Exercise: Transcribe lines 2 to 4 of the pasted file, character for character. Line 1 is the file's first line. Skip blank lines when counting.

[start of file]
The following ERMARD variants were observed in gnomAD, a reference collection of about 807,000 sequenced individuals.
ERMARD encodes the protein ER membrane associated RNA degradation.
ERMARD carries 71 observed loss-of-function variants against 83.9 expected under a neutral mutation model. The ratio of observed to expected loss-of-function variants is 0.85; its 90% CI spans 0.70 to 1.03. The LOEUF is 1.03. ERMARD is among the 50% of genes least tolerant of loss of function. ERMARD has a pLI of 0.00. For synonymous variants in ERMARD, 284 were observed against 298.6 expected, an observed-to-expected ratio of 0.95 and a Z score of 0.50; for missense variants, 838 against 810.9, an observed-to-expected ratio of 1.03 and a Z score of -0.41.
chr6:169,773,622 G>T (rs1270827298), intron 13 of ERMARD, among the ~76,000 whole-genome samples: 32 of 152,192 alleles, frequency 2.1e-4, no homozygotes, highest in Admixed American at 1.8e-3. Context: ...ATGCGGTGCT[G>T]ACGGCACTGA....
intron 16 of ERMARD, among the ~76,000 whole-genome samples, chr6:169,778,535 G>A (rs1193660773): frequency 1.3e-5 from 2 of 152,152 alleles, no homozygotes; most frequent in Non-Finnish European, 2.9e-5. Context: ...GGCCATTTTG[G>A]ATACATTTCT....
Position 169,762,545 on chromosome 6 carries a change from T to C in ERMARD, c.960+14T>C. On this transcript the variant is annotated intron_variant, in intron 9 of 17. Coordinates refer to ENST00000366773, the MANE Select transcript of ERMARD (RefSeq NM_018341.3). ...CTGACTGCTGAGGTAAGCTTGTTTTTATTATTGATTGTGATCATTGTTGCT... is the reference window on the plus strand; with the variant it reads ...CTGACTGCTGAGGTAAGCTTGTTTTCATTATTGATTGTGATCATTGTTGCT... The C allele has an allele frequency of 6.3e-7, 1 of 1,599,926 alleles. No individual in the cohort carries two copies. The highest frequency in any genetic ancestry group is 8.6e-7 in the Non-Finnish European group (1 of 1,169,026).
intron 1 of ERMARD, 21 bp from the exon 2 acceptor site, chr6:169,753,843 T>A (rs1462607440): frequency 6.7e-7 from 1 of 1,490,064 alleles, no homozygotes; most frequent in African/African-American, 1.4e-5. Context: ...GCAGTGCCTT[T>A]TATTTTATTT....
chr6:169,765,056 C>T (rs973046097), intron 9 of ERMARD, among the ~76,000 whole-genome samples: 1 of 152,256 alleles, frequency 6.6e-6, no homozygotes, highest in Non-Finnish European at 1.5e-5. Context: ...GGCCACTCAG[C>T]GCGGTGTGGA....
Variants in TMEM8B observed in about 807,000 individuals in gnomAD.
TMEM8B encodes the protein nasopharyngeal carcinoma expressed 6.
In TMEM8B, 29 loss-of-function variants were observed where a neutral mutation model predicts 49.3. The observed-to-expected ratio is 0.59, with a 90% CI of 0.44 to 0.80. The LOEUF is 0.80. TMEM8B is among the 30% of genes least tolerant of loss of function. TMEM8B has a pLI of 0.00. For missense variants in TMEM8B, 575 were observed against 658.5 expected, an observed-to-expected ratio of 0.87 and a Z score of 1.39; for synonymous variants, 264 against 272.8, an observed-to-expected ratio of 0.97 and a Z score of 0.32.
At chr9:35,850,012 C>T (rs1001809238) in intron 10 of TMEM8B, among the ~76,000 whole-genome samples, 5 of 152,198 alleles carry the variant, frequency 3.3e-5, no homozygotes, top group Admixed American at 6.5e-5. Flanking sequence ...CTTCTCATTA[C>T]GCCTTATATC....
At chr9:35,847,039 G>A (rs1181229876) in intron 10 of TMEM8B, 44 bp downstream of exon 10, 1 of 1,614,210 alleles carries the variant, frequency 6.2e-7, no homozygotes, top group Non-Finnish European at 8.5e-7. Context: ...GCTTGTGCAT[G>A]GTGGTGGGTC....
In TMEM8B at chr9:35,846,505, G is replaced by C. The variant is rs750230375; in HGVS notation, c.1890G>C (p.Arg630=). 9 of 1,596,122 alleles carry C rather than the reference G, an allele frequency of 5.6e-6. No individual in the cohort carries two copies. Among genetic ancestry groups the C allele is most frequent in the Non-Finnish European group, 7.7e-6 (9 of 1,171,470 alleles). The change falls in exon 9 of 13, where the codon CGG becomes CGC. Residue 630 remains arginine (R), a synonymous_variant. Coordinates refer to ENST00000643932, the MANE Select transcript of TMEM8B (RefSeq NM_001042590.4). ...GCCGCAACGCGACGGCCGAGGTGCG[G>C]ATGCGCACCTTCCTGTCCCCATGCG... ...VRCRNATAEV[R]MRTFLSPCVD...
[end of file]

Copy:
ERMARD encodes the protein ER membrane associated RNA degradation.
ERMARD carries 71 observed loss-of-function variants against 83.9 expected under a neutral mutation model. The ratio of observed to expected loss-of-function variants is 0.85; its 90% CI spans 0.70 to 1.03. The LOEUF is 1.03. ERMARD is among the 50% of genes least tolerant of loss of function. ERMARD has a pLI of 0.00. For synonymous variants in ERMARD, 284 were observed against 298.6 expected, an observed-to-expected ratio of 0.95 and a Z score of 0.50; for missense variants, 838 against 810.9, an observed-to-expected ratio of 1.03 and a Z score of -0.41.
chr6:169,773,622 G>T (rs1270827298), intron 13 of ERMARD, among the ~76,000 whole-genome samples: 32 of 152,192 alleles, frequency 2.1e-4, no homozygotes, highest in Admixed American at 1.8e-3. Context: ...ATGCGGTGCT[G>T]ACGGCACTGA....